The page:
The long-run effects of secondary school track assignment


Autoři: Lex Borghans aff001;  Ron Diris aff001;  Wendy Smits aff002;  Jannes de Vries aff003
Působiště autorů: Department of Economics, Maastricht University, Maastricht, the Netherlands aff001;  Research Centre for Education and the Labour Market (ROA), Maastricht, the Netherlands aff002;  Statistics Netherlands, Heerlen, the Netherlands aff003
Vyšlo v časopise: PLoS ONE 14(10)
Kategorie: Research Article
doi: 10.1371/journal.pone.0215493

Souhrn

This study analyzes the long-run effects of secondary school track assignment for students at the achievement margin. Theoretically, track assignment maximizes individual outcomes when thresholds between tracks are set at the level of the indifferent student, and any other thresholds would imply that students at or around the margin are better off by switching tracks. We exploit non-linearities in the probability of track assignment across achievement to empirically identify the effect of track assignment on educational attainment and wages of students in the Netherlands, who can be assigned to four different tracks. We find that attending higher tracks leads to increases in years of schooling by around 1.5 years for students at the lowest and the highest choice margin, and wage gains of around 15% and 5%, respectively. For the margin between the two middle tracks, attending the higher of the two tracks has no effect on educational attainment and decreases wages by around 12%. The negative returns for the medium margin and the relatively low returns for the higher margin (compared to the required educational investments) are partly mediated by motivation and study choice.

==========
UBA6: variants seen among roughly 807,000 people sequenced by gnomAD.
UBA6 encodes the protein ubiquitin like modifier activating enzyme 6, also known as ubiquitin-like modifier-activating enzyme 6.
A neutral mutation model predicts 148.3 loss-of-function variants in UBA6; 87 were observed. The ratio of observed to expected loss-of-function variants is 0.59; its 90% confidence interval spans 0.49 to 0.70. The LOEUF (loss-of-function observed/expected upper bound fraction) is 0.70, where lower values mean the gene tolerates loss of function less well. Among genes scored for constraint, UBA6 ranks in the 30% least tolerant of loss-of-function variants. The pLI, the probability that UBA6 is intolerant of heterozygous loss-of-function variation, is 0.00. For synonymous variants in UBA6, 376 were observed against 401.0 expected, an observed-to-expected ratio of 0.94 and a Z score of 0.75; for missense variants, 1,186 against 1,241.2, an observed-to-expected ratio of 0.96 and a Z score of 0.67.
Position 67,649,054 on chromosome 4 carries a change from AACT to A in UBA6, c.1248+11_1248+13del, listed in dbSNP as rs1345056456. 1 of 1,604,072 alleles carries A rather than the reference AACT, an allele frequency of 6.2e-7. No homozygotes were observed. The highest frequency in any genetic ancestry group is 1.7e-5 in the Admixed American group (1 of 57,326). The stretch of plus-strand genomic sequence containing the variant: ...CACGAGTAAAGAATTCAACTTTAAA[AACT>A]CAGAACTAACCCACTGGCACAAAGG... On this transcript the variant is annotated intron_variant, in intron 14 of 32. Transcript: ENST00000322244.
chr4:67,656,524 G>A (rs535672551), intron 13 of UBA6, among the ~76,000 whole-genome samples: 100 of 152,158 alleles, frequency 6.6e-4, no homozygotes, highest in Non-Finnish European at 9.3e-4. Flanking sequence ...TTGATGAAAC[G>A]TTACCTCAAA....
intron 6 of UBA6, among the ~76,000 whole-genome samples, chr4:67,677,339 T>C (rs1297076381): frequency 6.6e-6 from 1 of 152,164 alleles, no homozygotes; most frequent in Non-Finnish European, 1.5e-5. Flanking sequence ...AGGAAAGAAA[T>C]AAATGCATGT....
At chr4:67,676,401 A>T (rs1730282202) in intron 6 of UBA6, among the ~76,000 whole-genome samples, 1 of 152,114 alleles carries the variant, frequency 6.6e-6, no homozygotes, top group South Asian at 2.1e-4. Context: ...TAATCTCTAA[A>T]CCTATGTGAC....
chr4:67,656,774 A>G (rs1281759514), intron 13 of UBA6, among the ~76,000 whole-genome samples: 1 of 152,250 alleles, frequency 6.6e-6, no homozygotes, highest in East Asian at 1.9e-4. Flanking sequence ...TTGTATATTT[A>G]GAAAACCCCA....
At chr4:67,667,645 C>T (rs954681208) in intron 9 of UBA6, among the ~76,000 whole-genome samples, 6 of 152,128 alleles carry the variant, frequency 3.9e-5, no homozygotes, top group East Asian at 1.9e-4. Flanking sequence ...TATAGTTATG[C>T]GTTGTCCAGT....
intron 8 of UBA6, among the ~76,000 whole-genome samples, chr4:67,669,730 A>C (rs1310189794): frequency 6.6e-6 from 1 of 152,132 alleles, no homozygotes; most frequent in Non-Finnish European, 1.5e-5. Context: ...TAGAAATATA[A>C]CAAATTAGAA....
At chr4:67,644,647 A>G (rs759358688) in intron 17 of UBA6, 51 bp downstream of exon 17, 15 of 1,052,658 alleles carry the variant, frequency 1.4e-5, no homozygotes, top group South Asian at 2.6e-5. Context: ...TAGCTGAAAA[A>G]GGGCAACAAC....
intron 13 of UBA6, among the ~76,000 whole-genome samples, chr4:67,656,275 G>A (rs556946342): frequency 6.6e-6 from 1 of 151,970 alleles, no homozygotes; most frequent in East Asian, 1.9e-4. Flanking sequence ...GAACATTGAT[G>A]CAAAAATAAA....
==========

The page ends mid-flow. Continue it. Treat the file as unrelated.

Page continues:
Klíčová slova:

Educational attainment – Children – Jobs – Labor markets – Language – Salaries – Schools – Teachers


Zdroje

1. Figlio DN, Page ME. School Choice and the Distributional Effects of Ability Tracking: Does Separation Increase Inequality? Journal of Urban Economics. 2002;51(3):497–514.

2. Hanushek EA, Woessmann L. Does Educational Tracking Affect Performance and Inequality? Differences-in-Differences Evidence Across Countries. Economic Journal. 2006;116(510):63–76. doi: 10.1111/j.1468-0297.2006.01076.x

3. Jakubowski M. Institutional Tracking and Achievement Growth: Exploring Difference-in-Differences Approach to PIRLS, TIMSS, and PISA Data. In: Dronkers J, editor. Quality and Inequality of Education: Cross-National Perspectives. Springer Netherlands; 2010. p. 41–81.